Center Peace

Let’s admit to one of the unspoken axioms of commercial air travel, shall we?  When it comes to flying, we do everything we can to avoid sitting next to a stranger. In an open-seating approach like Southwest Airlines, it’s all about the aisles and windows, pinning our hopes on that almost-extinct creature known as the open middle seat. Turning the corner from the jetway and gazing down the narrow aisle, our brains simply erase the middles from the seating plan. We’ll go all the way to the last row before we’re forced to sit beside a stranger. It’s like boarding the big yellow bus in elementary school, forced to choose a seat next to a kid you don’t already know.  Haven’t changed much as adults, have we?

Call me a lost cause, but I’m here today to extol the virtues of the middle seat.  There really can be peace in the center.  Thanks to my wife (who prefers the window seat for all kinds of reasons), I’ve chosen the middle seat for countless flights in our marriage.  Used to be, we’d take the aisle and window and leave the middle open, with decent odds for extra storage and elbow room.  These days?  An open middle is about as likely as getting bumped to first class.  It just doesn’t happen.

I know what you’re thinking.  A middle seat forces you to sit next to a stranger (assuming you’re traveling alone or as a couple).  Not a problem, as long as you drive the situation.  After your stranger joins you, you have about fifteen seconds to engage them in a conversation.  Those fifteen seconds are your one chance where a meet-and-greet feels natural, because you’re both still settling in and probably making a little eye contact.  Sixteen seconds in however, you’ve lost your chance.  I can’t tell you how many times I’ve waited until the tail end of the flight (that “safe” moment when you realize you’ll be off the plane and gone in fifteen minutes anyway), only to find out I was sitting next to one of the nice/normal ones out there.

Here’s another rule about middle seats.  You need to find your comfort zone with the armrests.  There’s not a lot of real estate on those babies, so inevitably you’ll be jockeying with your neighbor to figure out how to share.  Just make sure you don’t let your neighbor take the whole armrest from the get-go.  If you do, your middle-seat space will feel super-cramped. (Why did a ’70’s rock band just come to mind?)  In other words, you’ll experience “armrestlessness” the remainder of your flight.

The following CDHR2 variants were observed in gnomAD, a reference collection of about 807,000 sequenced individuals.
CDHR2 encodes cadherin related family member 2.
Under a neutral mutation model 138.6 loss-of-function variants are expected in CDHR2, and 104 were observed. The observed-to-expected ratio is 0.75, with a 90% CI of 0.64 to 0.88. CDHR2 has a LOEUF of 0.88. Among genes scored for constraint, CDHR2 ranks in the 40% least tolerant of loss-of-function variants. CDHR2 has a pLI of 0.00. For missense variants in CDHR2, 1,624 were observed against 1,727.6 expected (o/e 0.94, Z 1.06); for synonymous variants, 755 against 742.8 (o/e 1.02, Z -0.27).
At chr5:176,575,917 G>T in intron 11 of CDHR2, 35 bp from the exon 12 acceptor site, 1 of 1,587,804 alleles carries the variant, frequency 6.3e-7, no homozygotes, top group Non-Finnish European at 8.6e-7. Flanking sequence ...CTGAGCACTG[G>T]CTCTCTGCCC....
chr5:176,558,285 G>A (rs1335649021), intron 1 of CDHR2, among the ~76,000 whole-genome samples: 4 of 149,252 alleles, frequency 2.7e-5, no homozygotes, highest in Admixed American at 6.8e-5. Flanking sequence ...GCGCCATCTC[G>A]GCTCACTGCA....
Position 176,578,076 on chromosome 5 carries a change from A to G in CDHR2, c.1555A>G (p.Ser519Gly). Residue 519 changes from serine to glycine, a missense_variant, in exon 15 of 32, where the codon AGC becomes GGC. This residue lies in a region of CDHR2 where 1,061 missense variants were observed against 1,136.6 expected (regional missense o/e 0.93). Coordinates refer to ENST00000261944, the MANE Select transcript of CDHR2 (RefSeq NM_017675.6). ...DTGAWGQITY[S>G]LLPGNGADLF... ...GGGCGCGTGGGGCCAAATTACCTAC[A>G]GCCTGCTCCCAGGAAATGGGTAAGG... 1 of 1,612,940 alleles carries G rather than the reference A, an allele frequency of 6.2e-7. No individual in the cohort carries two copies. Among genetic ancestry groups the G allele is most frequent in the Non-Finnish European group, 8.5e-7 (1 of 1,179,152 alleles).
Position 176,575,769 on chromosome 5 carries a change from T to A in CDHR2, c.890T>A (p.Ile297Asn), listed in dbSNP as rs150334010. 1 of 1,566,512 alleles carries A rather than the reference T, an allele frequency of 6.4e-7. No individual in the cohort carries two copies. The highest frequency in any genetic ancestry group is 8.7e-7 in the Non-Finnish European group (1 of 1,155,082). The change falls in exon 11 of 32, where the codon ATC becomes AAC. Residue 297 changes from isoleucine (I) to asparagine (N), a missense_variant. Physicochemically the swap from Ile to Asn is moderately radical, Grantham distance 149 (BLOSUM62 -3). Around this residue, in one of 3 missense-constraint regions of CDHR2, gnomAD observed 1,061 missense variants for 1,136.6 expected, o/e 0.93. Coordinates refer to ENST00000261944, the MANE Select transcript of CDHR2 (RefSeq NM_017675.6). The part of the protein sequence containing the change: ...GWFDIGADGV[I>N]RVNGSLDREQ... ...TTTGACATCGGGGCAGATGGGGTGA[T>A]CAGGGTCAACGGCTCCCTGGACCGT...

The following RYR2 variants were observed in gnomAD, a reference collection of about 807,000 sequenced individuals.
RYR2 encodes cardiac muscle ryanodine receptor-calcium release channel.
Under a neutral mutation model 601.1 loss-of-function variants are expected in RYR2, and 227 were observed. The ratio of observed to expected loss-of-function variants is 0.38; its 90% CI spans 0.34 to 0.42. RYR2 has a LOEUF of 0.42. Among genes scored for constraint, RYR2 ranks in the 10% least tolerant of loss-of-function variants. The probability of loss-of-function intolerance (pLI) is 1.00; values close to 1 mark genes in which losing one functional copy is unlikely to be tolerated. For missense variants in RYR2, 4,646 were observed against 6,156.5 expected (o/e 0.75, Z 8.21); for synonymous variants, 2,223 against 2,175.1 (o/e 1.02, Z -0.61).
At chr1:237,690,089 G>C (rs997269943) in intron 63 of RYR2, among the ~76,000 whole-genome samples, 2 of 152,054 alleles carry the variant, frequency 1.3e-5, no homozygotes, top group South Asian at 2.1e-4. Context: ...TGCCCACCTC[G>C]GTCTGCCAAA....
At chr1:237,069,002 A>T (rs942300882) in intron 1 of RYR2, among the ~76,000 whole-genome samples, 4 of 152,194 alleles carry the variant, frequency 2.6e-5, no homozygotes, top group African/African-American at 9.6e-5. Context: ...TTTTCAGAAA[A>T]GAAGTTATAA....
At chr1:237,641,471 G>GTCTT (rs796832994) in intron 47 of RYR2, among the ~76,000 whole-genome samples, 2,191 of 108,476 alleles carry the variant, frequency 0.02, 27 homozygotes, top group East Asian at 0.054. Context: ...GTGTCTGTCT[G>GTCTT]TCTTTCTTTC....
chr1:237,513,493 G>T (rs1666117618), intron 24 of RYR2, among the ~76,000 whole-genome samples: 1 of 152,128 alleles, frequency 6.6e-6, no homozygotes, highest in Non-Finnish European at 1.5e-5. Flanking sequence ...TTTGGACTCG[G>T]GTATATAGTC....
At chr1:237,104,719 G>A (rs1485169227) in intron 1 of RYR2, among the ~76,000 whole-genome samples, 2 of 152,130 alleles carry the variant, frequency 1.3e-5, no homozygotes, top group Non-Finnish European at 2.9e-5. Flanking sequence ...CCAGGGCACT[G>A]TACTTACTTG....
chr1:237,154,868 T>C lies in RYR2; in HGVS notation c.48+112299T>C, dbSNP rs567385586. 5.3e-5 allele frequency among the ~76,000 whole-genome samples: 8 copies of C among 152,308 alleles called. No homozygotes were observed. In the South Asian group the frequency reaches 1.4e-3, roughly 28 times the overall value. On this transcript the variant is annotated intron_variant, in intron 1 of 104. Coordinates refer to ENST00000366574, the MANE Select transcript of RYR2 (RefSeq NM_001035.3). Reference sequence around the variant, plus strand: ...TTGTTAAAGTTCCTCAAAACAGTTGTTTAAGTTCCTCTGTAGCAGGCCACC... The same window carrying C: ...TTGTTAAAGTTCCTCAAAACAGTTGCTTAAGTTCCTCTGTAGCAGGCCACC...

Strangers and armrests aside, let’s acknowledge some of the hidden positives of sitting center.  First, you have the easiest access to all the ceiling gadgets.  Adding light or air or a flight attendant to your environment requires nothing more than a casual reach overhead.  Your seatmates have it more difficult.  They’ll often add an “excuse me” to their movements, or even ask you to do it for them.  Sometimes that means bodily contact. Ick.

Second positive: you avoid the shortcomings of the window and aisle seats.  What are those?  The window seat personal space is noticeably smaller than other seats (including the storage space below the seat in front of you).  The window seat is also be noisy if you’re near the engines.  The aisle seat personal space is constantly interrupted by the happenings in the aisle itself: roving flight attendants, drink carts, and all those other strangers on the plane.  And here’s the ultimate penalty for sitting in the aisle seat:  you’re sitting between your seatmates and their freedom (i.e. the lavatory).  Every time they’re up and out of their seats, so are you.

Speaking of airplane lavatories, I avoid them until my bladder pulses me into levitation.  It’s not an issue of cleanliness or claustrophobia, but rather the journey to get there from your seat.  Here’s my ultimate nightmare: I get past the aisle seat and head to the front lav.  I find it occupied, which means I head to the back (no lines allowed in front).  On my way to the back, the seat belt sign dings and flight attendants guilt me into returning to my seat.  Mission unaccomplished.  Hold please.